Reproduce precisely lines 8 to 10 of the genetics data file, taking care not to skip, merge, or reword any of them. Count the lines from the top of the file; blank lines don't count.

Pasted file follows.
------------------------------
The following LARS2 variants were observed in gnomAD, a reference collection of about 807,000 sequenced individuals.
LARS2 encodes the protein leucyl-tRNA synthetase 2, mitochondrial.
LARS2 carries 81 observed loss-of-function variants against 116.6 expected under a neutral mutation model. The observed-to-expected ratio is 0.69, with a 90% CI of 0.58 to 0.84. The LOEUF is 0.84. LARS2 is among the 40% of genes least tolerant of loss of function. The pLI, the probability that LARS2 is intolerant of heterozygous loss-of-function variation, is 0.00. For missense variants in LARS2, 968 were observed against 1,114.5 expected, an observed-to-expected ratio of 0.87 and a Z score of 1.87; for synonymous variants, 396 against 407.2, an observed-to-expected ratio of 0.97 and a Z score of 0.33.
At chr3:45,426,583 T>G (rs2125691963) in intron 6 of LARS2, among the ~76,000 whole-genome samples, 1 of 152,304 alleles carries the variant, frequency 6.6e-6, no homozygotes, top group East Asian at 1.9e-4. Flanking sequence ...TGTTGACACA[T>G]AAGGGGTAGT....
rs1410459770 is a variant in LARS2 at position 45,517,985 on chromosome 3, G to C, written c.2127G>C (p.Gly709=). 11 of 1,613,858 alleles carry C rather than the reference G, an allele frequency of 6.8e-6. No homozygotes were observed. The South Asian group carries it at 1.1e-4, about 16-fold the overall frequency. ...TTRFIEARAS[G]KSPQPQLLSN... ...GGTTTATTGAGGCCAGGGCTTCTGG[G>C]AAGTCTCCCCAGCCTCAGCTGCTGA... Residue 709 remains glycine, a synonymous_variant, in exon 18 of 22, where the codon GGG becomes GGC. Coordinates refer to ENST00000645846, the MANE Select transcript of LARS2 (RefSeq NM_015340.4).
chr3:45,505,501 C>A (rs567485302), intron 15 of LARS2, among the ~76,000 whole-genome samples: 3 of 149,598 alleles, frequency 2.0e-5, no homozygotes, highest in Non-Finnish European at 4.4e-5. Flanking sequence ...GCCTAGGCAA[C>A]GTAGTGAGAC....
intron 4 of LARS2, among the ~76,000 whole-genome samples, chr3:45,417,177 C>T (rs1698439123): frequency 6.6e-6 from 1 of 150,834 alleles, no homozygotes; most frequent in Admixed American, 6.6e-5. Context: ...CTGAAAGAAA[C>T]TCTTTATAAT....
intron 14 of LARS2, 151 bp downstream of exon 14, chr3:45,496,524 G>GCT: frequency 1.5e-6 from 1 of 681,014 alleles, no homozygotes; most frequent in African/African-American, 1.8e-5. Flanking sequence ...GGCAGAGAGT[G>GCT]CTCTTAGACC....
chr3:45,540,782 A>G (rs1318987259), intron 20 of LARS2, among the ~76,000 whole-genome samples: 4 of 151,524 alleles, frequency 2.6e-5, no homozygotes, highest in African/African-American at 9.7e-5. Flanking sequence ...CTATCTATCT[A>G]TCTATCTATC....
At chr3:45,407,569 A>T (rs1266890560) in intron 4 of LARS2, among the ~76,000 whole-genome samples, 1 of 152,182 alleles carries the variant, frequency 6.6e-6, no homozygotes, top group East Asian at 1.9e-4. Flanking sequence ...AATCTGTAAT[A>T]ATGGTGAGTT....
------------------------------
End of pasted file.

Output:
intron 14 of LARS2, 151 bp downstream of exon 14, chr3:45,496,524 G>GCT: frequency 1.5e-6 from 1 of 681,014 alleles, no homozygotes; most frequent in African/African-American, 1.8e-5. Flanking sequence ...GGCAGAGAGT[G>GCT]CTCTTAGACC....
chr3:45,540,782 A>G (rs1318987259), intron 20 of LARS2, among the ~76,000 whole-genome samples: 4 of 151,524 alleles, frequency 2.6e-5, no homozygotes, highest in African/African-American at 9.7e-5. Flanking sequence ...CTATCTATCT[A>G]TCTATCTATC....
At chr3:45,407,569 A>T (rs1266890560) in intron 4 of LARS2, among the ~76,000 whole-genome samples, 1 of 152,182 alleles carries the variant, frequency 6.6e-6, no homozygotes, top group East Asian at 1.9e-4. Flanking sequence ...AATCTGTAAT[A>T]ATGGTGAGTT....